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Acta Amazonica

Print version ISSN 0044-5967

Acta Amaz. vol.42 no.3 Manaus Sept. 2012 



First record of Trichodina heterodentata (Ciliophora: Trichodinidae) from Arapaima gigas cultivated in Peru


Primeiro registro de Trichodina heterodentata (Ciliophora: Trichodinidae) em Arapaima gigas cultivados no Peru



Luis Henostroza MirandaI; Natalia MarchioriII; Carmela Rebaza AlfaroI; Maurício Laterça MartinsII

I Institute for Investigation of the Peruvian Amazon (IIAP), National University of Del Santa, Chimbote, Peru - Carretera Federico Basadre Km 12,4, Pucallpa-Peru
II AQUOS Laboratory of Aquatic Organisms Health, Aquaculture Department, Federal University of Santa Catarina (UFSC), Rod. Admar Gonzaga 1346, 88040-900, Florianópolis, SC, Brazil





This study characterized morphologically Trichodina heterodentata Duncan, 1977 from cultivated fingerlings of "pirarucu" Arapaima gigas in Peru. Body and gill smears were air-dried at room temperature, impregnated with silver nitrate and/or stained with gomori trichromic. Prevalence was 100%. Trichodina heterodentata was considered a medium-sized trichodinid with mean body diameter of 56.0+ 5.25 (47.3-76.0) μm, denticulate ring 28.21± 2.71 (20-34.7) μm, adhesive disc 45.7±3.8 (37.1-57.3) μm diameter and number of denticles of 20.7± 2.6 (12-24). The present study reports not only the first occurrence of T. heterodentata in Peru but also the first record of this trichodinid infesting A. gigas. Camparative tables of all reports of T. heterodentata are also presented.

Keywords: pirarucu, trichodinid, morphology.


Este estudo caracterizou morfologicamente Trichodina heterodentata Duncan, 1977 de alevinos de "pirarucu" Arapaima gigas cultivados no Peru. Esfregaços do corpo e brânquias foram secos à temperatura ambiente, impregnados com nitrato de prata e/ou corados com tricrômico de gômori. A prevalência foi de 100%. Trichodina heterodentata foi considerada um tricodinídeo de tamanho médio com diâmetro médio do corpo de 56,0+ 5,25 (47,3-76,0) μm, anel denticulado 28,21± 2,71 (20,0-34,7) μm, disco adesivo 45,7±3,8 (37,1-57,3) μm de diâmetro e número de dentículos de 20,7± 2,6 (12-24). O presente estudo registra não somente a primeira ocorrência de T. heterodentata no Peru mas também o primeiro registro do tricodinídeo parasitando A. gigas. Tabelas comparativas biométricas de todos os registros de T. heterodentata também são apresentados.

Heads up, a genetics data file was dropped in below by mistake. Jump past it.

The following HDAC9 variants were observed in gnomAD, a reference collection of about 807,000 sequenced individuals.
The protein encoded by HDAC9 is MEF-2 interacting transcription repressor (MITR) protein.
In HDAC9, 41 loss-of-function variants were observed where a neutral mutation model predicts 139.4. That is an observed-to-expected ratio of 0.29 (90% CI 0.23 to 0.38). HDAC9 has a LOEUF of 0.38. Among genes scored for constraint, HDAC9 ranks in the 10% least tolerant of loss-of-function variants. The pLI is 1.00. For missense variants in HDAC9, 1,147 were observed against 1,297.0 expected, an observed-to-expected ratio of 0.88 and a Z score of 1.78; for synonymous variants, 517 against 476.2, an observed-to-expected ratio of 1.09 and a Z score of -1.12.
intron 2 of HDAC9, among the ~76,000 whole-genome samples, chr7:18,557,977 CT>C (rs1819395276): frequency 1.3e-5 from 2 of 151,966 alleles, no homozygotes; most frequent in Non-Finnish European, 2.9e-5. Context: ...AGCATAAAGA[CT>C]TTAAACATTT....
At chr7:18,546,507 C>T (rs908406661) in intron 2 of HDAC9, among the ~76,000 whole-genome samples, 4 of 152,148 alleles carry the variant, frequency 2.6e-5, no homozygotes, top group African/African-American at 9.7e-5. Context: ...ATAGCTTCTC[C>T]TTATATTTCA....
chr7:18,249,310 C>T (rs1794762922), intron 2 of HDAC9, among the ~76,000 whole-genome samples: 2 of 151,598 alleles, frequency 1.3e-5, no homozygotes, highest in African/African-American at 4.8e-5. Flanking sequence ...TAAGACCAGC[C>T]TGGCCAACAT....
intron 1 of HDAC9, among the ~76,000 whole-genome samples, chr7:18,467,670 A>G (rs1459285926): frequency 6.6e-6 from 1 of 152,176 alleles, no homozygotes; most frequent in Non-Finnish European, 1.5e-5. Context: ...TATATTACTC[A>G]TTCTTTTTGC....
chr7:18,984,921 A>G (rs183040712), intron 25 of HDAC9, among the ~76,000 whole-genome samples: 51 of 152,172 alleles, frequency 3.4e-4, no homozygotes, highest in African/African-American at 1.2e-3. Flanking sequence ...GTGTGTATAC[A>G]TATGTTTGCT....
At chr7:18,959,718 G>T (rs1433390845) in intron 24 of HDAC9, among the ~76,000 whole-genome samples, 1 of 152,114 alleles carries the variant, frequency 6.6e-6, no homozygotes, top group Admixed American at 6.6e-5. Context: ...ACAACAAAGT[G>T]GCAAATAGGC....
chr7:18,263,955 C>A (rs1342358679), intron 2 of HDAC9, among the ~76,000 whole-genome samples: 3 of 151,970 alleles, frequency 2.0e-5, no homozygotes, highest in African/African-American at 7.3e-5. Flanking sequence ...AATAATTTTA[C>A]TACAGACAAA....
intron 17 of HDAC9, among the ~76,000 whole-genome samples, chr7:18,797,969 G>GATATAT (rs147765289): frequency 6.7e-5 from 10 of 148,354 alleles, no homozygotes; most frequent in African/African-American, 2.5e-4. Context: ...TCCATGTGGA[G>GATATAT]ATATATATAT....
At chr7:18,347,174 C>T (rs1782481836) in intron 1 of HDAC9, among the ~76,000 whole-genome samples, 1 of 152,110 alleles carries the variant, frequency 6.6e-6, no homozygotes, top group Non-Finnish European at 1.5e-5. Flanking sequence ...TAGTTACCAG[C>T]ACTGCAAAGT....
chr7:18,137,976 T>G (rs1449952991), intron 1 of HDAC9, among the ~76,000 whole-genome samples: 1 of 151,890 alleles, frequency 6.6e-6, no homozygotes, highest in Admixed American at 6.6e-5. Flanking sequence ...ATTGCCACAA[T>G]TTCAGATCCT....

Palavras-chave: pirarucu, tricodinídeo, morfologia.




Arapaima gigas (Schinz, 1822), better known as "pirarucu" in South America is an endemic species of the Amazonic region. It is a well accepted cultured species due to its rapid growth, great rusticity to handling and high survival rates (Pereira-Filho et al. 2003).

Its parasitic fauna is highlighted by the trichodinids, ciliated protozoans considered as one of the most common parasites in wild and cultivated fish (Basson and Van As 1994). Under suitable environmental conditions these parasites feed on bacteria, algae and particles in water suspension (Eiras 1994). However, under conditions of high stocking density as well as environmental factors, such as increased water temperature and/or high organic matter contents in the water column, the parasites may become pathogenic (Martins et al. 2002; Moraes and Martins 2004). In cultured fish, mortalities can result from heavy infestations causing hyperplasia, epidermis necrosis and destruction of the normal gill architecture (Pearse 1972; McArdle 1984; Khan 2004).

Trichodina heterodentata Duncan, 1977 is a well studied worldwide species. Originally described from Philippine's cultured fishes by Duncan (1977), it has been recorded since then in 20 fish families from Egypt (Al-Rasheid et al. 2000), Australia (Dove and O'Donoghue 2005), India (Asmat 2004), Taiwan (Van As and Basson 1986; Basson and Van As 1994), Southern Africa (Basson et al. 1983; Van As and Basson 1989; Van As and Basson 1992), Israel (Basson et al. 1983), Philippines (Duncan 1977; Albaladejo and Arthur 1989; Bondad-Reantaso and Arthur 1989), Vietnam (Arthur and Te 2006) Venezuela (Basson et al. 1983) and Brazil (Dias et al. 2009; Martins et al. 2010). Up to now, there are no reports of trichodinids identified to species level in Peru.

This study characterized morphologically T. heterodentata in tank-reared fingerlings of "pirarucu" A. gigas from Coronel Portillo, Ucayali, Peru. Prevalence and biometrically compared tables of T. heterodentata's reports were also given.



Twenty fingerlings of A. gigas with 26.63 ± 1.80 cm total length and 98.52± 20.88 g weight were collected from the Peruvian Amazon Research Institute (IIAP) (8º22'31" S; 74º 34'35" W) 151 meters above sea level. Fish fingerlings were maintained in concrete tanks (3.64 x 0.96 x 0.44 m) during their first two months of life.

Wet smears of skin and gills were prepared in the field for examination under a microscope. They were air-dried and impregnated with Klein's dry silver method for observation of the adhesive disc as suggested by Lom (1958). Other smears were stained with Gomori trichromic to reveal the nuclear apparatus. The span of the denticle was measured from the tip of blade to the tip of ray as described by Arthur and Lom (1984). The body diameter is the dimension of the adhesive disc plus the border membrane. Wet mounts from the specimens preserved in 5% formalin solution were studied for the observation of adoral ciliature. All measurements are in micrometers and follow the recommendations of Lom (1958) and Van As and Basson (1989). The description was based on 40 specimens. Arithmetic means + standard deviation is followed, in parentheses, by the minimum and maximum values and number of specimens or structures measured. Parasitological indexes such as prevalence were calculated according to Bush et al. (1997). Specimens were deposited in the National Institute of Amazonian Research (INPA), Manaus, AM, Brazil.